How do your customers feel about your company and the service you provide? Are they frustrated, energetic, focused, or just happy? Translate their emotions into how much value they will bring to your business and how loyal they are. How do you want your customers to feel, and how do you get them there?

Emotional states of your customer and how they relate to their value and loyalty.

Emotional states of your customer and how they relate to their value and loyalty.

The worst emotions your customers can have toward you are those of discomfort. Are they stressed because the product they ordered last week has not shown up yet? Are they frustrated because they fail to figure out how to place an order? Or do they feel neglected and irritated when customer service is either too slow or gives the answer they feared?

Customers with emotions of discomfort can destroy your business. On the short term however, it is your support team that will hurt the most, as customers with these emotions will return their products and call in with complaints. In the long term, these are the customers who could destroy your brand by either reactively or proactively communicating to other people how much you suck! Customers with emotions of discomfort can be your worst nightmare!

Marketing in the old days before the internet came along was all about attention. By investing money in TV, newspaper, billboard advertisement and similar mass-marketing channels, you placed a bid for for the customer’s attention. If you poured enough money into the funnel, you would win the auction and the money spend would be translated into sales. Those times are gone.

Teach! Teach about how you can help them kick ass!

When you get the attention of new customers, they are interested in what you can offer them. You might even convert their interest into short-term sales. But more importantly, the odds of building a long-lasting relationship with the customer have been increased a notch. They are indifferent to your brand and product, but have a momentum of energy. Use their energy and explorative excitement to let them learn about you. Teach! Teach about how you can help them kick ass!

Once you have build a relationship to your customer that you are both fond of, the customer will recommend you if asked. They like you! Even better, they will come back for more! If they feel valued, have trust in you, and feel cared for, they will reward you with plentiful business. They will come back again and again, yielding returns much larger than the one-time fix you got from getting their one-time attention. Customers with emotions corresponding to this stage will recommend you if somebody asks. They are reactive rather than proactive.

If loyalty is your goal, you want to turn your customers into your ambassadors. In this state, your customers will advocate your products and proactively tell other potential customers about your products. This is the ultimate end-goal for word-of-mouth marketing: it’s the cheapest and possibly best marketing there is.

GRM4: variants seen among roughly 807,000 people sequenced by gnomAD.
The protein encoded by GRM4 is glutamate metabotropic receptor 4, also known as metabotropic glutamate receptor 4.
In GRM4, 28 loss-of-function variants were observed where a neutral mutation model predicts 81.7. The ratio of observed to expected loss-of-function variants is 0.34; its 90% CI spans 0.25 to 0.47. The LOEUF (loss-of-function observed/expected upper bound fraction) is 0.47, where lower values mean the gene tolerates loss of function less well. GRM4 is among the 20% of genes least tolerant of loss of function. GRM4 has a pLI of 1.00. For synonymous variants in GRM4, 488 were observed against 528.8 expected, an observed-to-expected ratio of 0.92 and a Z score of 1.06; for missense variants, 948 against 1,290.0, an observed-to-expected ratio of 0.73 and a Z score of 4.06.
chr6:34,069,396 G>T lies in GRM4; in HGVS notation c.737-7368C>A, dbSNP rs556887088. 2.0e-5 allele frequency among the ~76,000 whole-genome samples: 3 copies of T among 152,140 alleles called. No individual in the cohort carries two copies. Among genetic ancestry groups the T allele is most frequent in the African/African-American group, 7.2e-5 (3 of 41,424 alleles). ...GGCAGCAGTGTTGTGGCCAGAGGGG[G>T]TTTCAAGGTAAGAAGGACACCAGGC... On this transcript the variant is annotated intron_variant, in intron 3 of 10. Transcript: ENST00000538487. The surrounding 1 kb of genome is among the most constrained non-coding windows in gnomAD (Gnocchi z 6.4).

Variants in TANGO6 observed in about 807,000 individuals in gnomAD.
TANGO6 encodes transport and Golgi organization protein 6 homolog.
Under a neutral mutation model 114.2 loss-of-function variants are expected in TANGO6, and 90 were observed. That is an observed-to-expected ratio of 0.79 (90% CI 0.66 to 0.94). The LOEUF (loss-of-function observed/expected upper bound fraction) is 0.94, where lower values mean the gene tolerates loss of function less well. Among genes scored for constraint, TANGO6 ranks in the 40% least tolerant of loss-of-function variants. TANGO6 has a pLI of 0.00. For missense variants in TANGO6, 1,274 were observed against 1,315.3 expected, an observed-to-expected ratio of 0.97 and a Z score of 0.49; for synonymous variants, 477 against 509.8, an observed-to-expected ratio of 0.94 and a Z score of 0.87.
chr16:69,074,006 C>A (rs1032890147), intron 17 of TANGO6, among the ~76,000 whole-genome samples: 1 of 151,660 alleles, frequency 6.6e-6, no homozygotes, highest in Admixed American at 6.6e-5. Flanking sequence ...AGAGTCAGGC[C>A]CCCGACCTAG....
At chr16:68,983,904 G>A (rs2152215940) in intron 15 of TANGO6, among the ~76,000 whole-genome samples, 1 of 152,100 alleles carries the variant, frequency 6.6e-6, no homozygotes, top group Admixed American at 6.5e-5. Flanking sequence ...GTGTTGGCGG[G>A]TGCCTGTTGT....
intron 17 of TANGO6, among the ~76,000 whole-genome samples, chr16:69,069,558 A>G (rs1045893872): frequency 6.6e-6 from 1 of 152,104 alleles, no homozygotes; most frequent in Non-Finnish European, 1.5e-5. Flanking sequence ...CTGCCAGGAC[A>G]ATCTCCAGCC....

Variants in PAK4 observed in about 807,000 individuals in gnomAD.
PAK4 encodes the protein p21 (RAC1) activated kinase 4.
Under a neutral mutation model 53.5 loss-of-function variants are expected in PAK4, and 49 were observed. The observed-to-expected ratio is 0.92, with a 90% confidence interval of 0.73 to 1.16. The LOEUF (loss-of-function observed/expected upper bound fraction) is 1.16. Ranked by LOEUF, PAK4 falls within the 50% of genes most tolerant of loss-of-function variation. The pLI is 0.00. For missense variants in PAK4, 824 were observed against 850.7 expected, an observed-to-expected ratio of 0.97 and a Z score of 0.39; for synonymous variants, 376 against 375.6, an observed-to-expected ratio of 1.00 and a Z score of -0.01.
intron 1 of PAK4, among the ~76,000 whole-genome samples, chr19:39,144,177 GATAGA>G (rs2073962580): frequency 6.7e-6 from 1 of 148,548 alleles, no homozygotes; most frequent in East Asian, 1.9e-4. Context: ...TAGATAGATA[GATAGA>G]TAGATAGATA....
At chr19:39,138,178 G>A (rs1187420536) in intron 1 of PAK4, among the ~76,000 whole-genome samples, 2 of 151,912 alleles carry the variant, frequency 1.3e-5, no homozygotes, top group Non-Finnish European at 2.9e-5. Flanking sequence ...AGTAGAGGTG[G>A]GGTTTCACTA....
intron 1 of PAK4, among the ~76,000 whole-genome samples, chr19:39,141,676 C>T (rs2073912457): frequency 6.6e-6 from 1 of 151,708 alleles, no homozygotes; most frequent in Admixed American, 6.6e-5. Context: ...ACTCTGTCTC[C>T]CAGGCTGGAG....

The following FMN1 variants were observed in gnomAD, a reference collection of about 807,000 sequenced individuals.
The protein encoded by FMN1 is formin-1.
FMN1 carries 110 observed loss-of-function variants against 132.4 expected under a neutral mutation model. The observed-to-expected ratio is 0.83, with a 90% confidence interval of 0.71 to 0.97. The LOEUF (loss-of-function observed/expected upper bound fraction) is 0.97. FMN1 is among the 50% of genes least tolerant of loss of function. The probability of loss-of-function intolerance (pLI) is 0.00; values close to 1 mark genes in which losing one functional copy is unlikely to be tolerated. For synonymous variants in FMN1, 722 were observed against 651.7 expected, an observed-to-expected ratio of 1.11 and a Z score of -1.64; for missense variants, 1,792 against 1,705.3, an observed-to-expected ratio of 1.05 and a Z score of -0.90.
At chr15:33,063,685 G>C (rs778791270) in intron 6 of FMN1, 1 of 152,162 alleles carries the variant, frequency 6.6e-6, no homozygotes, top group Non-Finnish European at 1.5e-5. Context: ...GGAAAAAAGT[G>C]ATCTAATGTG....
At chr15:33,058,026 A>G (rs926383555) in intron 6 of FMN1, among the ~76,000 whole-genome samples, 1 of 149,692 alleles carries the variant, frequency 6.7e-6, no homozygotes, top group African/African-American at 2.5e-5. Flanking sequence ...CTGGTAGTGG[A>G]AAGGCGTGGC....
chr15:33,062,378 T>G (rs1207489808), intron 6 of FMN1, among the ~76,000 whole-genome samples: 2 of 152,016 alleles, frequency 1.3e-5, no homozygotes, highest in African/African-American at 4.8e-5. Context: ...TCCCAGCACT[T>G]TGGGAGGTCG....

Notice the three levels of engagement used: indifferent, reactive, and proactive. Just as there are three levels of engagement on the positive side of the graph, there are also three levels on the negative side. There is however one big difference: Proactive behavior from customers with negative or destructive emotions toward you will be provoked much sooner and more frequent than customers with positive and pleased emotions. People are more bound to blog, speak, or engage with you when they feel angry, neglected, and are upset than if they are happy.

This post was inspired by the 1999 Seth Godin book, Permission marketing, which is about getting permission to build a relationship to your customer instead of just interrupting their attention constantly. The cluster idea and emotional states was greatly inspired by The DNA of customer Experience by Colin Shaw. Also, Kathy Sierra deserves some love for the now closed Creating passionate users blog. Finally, there’s also a splash of the Prospect theory and the value function.

Sources

Permission marketing by Seth Godin

The DNA of customer Experience by Colin Shaw

Creating passionate users by Kathy Sierra

Prospect theory and the value function at wikipedia.org.

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Anders Toxboe Author

As the head of Digital Development at DR (Danish Broadcasting Corporation) in Copenhagen, Denmark, Anders Toxboe builds awesome websites with his teams. He also founded UI-Patterns.com and a series of other projects. Follow Anders at @uipatternscom.

1 comment

  • 31270cf6736a9bfb08417c95836d5722

    Web Application design on Aug 28, 2009

    If that were the right word to use, I’ll say that this blog is “kick ass”. What real worl examples and what a spot on advice.

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